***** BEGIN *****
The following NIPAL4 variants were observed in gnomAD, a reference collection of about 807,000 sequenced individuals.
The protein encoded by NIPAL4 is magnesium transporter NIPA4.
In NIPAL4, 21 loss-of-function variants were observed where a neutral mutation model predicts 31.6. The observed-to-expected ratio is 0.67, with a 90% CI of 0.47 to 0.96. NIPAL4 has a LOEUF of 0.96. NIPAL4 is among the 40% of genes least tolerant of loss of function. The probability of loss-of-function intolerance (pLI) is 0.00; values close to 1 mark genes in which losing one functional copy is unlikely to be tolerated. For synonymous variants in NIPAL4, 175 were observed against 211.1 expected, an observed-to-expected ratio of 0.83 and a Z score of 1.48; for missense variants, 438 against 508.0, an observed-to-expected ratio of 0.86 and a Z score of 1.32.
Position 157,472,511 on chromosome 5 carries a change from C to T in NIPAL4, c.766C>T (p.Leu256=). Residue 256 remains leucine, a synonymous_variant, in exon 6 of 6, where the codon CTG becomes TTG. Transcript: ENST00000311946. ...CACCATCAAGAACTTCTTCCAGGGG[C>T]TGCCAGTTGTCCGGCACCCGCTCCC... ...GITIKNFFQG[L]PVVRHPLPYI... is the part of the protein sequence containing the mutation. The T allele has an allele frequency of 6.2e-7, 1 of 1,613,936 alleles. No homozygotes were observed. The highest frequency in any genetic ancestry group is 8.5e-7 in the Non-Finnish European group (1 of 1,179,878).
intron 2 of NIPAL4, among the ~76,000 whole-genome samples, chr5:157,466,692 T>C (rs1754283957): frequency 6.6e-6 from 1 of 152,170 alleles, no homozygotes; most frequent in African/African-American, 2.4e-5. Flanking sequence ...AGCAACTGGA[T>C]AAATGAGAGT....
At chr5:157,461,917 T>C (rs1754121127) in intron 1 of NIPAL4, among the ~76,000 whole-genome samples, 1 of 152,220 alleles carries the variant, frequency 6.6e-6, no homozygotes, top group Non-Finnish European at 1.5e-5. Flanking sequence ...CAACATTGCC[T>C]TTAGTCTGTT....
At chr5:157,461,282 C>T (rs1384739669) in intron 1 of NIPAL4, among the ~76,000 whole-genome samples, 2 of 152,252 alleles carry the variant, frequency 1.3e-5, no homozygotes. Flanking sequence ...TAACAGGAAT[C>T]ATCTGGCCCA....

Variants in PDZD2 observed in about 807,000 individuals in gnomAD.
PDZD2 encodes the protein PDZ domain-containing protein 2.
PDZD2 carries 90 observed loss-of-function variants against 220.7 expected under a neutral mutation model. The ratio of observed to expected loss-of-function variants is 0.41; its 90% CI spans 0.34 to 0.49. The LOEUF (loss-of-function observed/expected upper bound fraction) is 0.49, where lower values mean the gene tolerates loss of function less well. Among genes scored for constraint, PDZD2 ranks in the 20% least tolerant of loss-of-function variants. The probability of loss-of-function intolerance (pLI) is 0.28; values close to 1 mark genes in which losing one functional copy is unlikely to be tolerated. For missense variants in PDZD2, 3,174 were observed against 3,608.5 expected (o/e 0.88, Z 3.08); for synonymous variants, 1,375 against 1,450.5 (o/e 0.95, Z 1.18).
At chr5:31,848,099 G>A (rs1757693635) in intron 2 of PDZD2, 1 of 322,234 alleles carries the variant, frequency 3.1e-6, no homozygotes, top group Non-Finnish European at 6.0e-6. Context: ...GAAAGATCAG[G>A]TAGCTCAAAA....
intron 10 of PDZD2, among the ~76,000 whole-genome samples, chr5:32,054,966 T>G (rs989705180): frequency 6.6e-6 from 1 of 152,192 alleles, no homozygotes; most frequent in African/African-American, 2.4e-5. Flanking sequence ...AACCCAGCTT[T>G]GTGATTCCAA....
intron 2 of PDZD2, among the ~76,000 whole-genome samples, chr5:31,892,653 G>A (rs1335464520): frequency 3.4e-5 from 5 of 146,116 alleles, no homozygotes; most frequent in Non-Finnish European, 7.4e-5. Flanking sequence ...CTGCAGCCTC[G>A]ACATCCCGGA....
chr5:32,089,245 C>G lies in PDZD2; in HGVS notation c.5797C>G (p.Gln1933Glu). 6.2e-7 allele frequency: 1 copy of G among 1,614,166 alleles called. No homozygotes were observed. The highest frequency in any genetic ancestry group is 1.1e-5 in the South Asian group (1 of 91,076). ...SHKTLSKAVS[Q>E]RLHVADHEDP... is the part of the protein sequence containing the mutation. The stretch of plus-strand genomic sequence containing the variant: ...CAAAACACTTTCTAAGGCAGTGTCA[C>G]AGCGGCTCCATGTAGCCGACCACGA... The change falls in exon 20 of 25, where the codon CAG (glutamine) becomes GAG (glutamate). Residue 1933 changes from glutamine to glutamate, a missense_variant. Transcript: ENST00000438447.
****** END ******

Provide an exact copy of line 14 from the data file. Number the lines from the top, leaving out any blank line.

chr5:32,089,245 C>G lies in PDZD2; in HGVS notation c.5797C>G (p.Gln1933Glu). 6.2e-7 allele frequency: 1 copy of G among 1,614,166 alleles called. No homozygotes were observed. The highest frequency in any genetic ancestry group is 1.1e-5 in the South Asian group (1 of 91,076). ...SHKTLSKAVS[Q>E]RLHVADHEDP... is the part of the protein sequence containing the mutation. The stretch of plus-strand genomic sequence containing the variant: ...CAAAACACTTTCTAAGGCAGTGTCA[C>G]AGCGGCTCCATGTAGCCGACCACGA... The change falls in exon 20 of 25, where the codon CAG (glutamine) becomes GAG (glutamate). Residue 1933 changes from glutamine to glutamate, a missense_variant. Transcript: ENST00000438447.